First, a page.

Jose Vitor Leme - kneeling
    This was the moment that Brazilian native Jose Vitor Leme won PBR rookie of the year, highlighting the growing diversity of the sport of bull riding [Stephen Starr/ Al Jazeera]
    It fits into the culture of instant gratification; it has a unique nature.

    -Jason Belzer, president of Game, Inc.

    "There's a great cowboy culture in Brazil," Sean Gleason, the CEO of PBR, told Al Jazeera.

    The Brazilian riders' success is indicative of the growing global appeal of the rodeo. PBR events are held in five countries: Australia, Brazil, Canada, Mexico and the US. Its events are broadcast in 180 territories around the world.

    The PBR is also now actively seeking out new audiences by running advertisements centred on women and non-white cowfolk.

    Riders can earn up to $118,000 for staying aboard a bull four times over the course of a week-long competition. More than 600 bull riders from five countries now compete for more than $10 million in annual prize money.

    The bull's business

     Jose Vitor Leme as a child
    As a child, Jose Vitor Leme road calves, and in 2019, the Professional Bull Riders ranked him as the number one rider in the world [Stephen Starr/ Al Jazeera]

    "Culturally, it's a lot easier [for international audiences] to have an interest in Professional Bull Riding than, for example, American football," says Jason Belzer, president of Game, Inc. a career management company for sports coaches. He goes on to explain how bull riding "fits into the culture of instant gratification" in that "it has a unique nature".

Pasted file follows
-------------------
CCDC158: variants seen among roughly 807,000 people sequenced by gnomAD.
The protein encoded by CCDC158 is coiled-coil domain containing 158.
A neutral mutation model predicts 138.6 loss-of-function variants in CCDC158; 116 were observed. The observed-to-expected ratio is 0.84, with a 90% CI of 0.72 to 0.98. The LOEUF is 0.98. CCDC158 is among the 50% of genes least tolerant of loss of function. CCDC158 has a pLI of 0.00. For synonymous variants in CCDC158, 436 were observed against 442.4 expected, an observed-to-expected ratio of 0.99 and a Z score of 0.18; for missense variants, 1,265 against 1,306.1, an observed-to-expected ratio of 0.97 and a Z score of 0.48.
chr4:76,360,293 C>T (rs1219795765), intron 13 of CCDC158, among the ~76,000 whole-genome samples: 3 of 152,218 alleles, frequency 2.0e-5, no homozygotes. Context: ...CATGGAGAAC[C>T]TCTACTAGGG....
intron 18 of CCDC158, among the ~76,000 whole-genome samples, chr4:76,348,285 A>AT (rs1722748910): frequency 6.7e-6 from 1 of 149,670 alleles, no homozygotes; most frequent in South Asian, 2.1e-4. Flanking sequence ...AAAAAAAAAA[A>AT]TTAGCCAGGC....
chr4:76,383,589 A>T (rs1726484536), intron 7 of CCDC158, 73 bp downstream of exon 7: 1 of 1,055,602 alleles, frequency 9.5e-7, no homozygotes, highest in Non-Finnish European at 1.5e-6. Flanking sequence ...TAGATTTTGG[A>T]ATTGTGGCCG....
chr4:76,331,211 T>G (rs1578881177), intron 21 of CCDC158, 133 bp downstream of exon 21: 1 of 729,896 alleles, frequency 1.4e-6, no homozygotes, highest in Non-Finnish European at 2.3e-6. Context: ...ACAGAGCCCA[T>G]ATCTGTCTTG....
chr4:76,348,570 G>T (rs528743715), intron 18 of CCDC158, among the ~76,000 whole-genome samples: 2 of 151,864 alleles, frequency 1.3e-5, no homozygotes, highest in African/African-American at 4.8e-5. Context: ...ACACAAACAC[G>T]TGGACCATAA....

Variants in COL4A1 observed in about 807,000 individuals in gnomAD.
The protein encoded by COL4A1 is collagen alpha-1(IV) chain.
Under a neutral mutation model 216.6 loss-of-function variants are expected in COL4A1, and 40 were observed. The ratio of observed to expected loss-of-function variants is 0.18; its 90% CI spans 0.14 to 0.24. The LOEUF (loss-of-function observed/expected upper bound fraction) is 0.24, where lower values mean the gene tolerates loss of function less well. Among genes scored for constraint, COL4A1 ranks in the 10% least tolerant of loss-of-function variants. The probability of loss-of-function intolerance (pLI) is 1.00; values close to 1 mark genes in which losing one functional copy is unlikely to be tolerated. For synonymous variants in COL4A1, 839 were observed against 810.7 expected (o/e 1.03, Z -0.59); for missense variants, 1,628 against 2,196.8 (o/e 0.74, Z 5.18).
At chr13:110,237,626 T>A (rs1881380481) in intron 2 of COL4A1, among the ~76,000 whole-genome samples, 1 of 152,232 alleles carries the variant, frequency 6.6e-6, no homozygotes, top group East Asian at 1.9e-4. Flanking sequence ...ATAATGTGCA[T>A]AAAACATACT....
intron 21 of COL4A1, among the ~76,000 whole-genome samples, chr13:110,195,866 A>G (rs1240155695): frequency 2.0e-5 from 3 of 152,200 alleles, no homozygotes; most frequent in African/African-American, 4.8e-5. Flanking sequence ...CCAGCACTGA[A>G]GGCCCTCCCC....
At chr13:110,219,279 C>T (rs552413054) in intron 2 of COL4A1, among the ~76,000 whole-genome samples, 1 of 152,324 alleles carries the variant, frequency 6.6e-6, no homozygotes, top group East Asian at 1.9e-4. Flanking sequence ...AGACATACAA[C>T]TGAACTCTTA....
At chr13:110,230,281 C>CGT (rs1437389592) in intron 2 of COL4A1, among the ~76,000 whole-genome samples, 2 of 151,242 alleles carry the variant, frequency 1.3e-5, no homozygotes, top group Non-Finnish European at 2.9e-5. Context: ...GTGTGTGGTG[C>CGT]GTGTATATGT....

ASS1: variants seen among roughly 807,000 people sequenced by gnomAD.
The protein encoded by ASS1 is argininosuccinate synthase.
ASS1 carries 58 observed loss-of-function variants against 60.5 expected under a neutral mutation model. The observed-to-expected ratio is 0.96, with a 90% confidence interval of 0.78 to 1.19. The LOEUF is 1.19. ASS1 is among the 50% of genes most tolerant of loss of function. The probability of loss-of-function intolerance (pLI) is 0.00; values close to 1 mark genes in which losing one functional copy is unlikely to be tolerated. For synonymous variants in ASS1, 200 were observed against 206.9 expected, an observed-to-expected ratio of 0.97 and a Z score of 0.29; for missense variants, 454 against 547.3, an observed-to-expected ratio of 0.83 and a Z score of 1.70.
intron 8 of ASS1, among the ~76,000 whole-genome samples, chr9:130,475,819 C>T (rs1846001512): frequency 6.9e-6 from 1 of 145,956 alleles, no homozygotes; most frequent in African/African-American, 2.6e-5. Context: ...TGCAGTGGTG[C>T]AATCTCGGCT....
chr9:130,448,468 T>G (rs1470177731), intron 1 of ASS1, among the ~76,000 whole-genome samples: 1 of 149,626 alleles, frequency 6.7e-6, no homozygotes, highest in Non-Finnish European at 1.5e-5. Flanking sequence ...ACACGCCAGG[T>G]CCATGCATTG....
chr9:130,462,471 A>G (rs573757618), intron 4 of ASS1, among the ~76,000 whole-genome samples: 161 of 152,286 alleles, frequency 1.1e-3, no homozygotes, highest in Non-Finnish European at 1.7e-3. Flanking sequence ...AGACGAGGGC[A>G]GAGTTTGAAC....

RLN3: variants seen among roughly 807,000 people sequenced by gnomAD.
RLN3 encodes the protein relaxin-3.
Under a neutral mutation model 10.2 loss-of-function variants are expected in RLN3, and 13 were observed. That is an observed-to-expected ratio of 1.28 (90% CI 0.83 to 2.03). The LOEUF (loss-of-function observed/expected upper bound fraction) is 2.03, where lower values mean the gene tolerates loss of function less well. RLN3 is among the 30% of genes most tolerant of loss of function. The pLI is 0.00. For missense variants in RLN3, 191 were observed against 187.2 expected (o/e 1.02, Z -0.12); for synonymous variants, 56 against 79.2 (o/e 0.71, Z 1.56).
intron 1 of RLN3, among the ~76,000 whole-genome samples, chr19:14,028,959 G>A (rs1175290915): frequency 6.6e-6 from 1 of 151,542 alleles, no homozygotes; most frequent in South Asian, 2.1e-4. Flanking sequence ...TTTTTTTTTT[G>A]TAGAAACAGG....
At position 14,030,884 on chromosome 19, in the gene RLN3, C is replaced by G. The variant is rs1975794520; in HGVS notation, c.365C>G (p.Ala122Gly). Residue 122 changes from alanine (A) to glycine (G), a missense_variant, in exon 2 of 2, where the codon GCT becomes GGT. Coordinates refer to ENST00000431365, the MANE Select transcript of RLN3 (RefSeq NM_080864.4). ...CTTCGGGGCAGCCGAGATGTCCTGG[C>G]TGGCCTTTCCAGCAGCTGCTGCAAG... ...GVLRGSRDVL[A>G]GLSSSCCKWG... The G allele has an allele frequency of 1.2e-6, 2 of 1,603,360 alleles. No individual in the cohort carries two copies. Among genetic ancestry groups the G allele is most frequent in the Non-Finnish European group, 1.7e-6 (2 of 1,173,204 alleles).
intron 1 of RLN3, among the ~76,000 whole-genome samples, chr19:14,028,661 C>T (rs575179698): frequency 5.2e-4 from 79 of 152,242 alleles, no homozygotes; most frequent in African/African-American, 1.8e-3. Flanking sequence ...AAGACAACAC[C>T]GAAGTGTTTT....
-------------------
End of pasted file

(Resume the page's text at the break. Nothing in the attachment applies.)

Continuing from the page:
The rodeo business has developed a sponsorship platform and return on investment that few other industries can match. A dedicated rodeo television channel claims to attract half a billion viewers, and last year PBR launched a Netflix-style monthly subscription service.

    Throughout the year, the world's leading riders tour North America, Brazil, and Australia, filling stadiums such as New York City's Madison Square Garden to capacity.

    Cowboys of Europe, Australia and beyond

    The Australian Professional Rodeo Association oversees more than 100 rodeos a year, while the Mount Isa Mines Rodeo in Queensland was named best festival and event by the Australian Tourism Awards for two of the past three years.